This has been on my mind as well:
So which of Manny Machado, Francisco Lindor, Carlos Correa, and Andrelton Simmons won't make the AL All-Star team?— Joe Sheehan (@joe_sheehan) May 14, 2018
Joe Sheehan later added that he assumed Didi Gregorius will get voted in as the starter. I don't necessarily agree with that; Yankees fans actually don't have a recent history of "stuffing" the ballot box, certainly not with the zealousness of, say, Royals fans. Of course, until Aaron Judge and Gary Sanchez emerged last year, it's not like they had many All-Star-worthy players in recent seasons. Even then, Salvador Perez, not Sanchez, was voted in as the starting catcher for the American League in 2017.
Anyway, the point: There are five really good shortstops in the AL -- well, six if you count Xander Bogaerts, who would be up there except he missed some time with injury -- and they're not all going to make the All-Star team, especially given that roster sizes were cut back last season from 34 to 32 players (not including all the replacements who eventually make it).
Back in 2002, the heyday of the Alex Rodriguez-Derek Jeter-Nomar Garciaparra era, the AL did squeeze five shortstops on the roster, with A-Rod starting and Jeter, Garciaparra, Miguel Tejada and Omar Vizquel all making it as reserves. That was accomplished by not selecting a backup second baseman, however, and there were only 10 pitchers on the staff; that was the game that infamously ended in a 7-7 tie. Current rules require a backup second baseman and 12 pitchers.
Aside from the All-Star dilemma, what I'm really curious about: Has any position in one league ever been so loaded? I know it's early in the season and numbers will change, but as of Thursday morning, look where the AL shortstops ranked in WAR among all major league position players:
2. Francisco Lindor, 3.0
5. Andrelton Simmons, 2.3
10. Manny Machado, 2.1
20. Carlos Correa, 2.0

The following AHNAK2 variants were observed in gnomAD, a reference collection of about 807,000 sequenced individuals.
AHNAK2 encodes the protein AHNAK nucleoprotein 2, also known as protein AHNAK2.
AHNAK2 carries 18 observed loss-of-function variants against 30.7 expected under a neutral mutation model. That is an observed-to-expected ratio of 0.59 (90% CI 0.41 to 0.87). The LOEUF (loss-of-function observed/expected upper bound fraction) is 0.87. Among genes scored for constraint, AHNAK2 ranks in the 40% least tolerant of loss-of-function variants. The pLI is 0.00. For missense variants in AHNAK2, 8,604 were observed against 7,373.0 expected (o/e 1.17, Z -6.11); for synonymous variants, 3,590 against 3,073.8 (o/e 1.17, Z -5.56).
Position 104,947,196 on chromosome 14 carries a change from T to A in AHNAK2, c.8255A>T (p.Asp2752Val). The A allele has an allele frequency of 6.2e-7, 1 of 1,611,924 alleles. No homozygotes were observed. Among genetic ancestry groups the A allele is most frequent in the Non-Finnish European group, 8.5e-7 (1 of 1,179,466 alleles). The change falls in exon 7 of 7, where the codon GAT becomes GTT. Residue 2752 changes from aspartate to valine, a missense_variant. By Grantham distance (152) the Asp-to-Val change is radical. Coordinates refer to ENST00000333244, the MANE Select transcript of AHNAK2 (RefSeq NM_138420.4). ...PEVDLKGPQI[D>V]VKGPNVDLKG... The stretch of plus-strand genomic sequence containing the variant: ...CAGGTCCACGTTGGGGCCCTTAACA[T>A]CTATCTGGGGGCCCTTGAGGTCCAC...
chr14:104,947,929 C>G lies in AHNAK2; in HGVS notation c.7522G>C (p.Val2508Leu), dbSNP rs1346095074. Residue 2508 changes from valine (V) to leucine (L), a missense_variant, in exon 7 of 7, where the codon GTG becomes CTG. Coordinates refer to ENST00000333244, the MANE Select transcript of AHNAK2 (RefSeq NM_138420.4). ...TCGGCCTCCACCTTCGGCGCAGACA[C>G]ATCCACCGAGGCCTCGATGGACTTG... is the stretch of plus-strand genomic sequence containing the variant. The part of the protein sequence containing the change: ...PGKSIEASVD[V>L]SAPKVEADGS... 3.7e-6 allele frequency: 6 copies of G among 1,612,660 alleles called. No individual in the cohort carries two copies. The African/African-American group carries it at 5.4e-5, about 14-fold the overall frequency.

33. Didi Gregorius, 1.4
4. Lindor, 2.8
6. Machado, 2.3
8. Simmons, 2.3
16. Correa, 1.7
21. Gregorius, 1.6
Gregorius has slipped after a recent slump, but he was among the league leaders into early May. None of these guys is a big surprise, although Simmons has raised his offensive game to a new level, hitting .342/.408/.493. In this era of strikeouts, Simmons is a refreshing throwback: Through 41 games, he has just nine strikeouts. That's a weekend for Joey Gallo.
But Simmons was extremely valuable last season as well, ranking sixth in B-R WAR at 7.1 and 18th in FanGraphs at 5.1. (That big difference in value stems mostly from how his defense was evaluated.) Correa and Lindor both were top-20 players last season, and Machado has been there in the past as a third baseman. Gregorius hit 25 home runs last season and has tapped into even more power early on this year by chasing fewer pitches (he's already nearly matched his walk total from 2017).
Back to 2002. How good were those five All-Star shortstops? Pretty good:
2. Alex Rodriguez, 8.8
8. Nomar Garciaparra, 6.8
19. Miguel Tejada, 5.6
61. Derek Jeter, 3.7
84. Omar Vizquel, 3.0
(Not making the All-Star team was Angels shortstop David Eckstein, who ranked 23rd with 5.3 WAR.)
2. Rodriguez, 10.0
22. Jeter, 5.2
35. Garciaparra, 4.8
43. Tejada, 4.5
44. Eckstein, 4.5
70. Vizquel, 3.3
Good, but not what we're seeing this year. Actually, the best year for the A-Rod/Jeter/Nomar trio was 1998, when they ranked first, third and ninth in Baseball-Reference WAR. After them, however, you drop to Vizquel at 67th and Gary DiSarcina and Mike Bordick at 70th and 71st.
The best season for the group in that era could have been 1999, as Jeter and Vizquel had their best years at the plate. Jeter ranked first in B-R WAR, Garciaparra 10th and Vizquel 16th, and all three ranked in the top 15 in FanGraphs WAR. A-Rod, while he hit 42 home runs, played just 129 games and came in 40th and 39th in the rankings, just ahead of Bordick.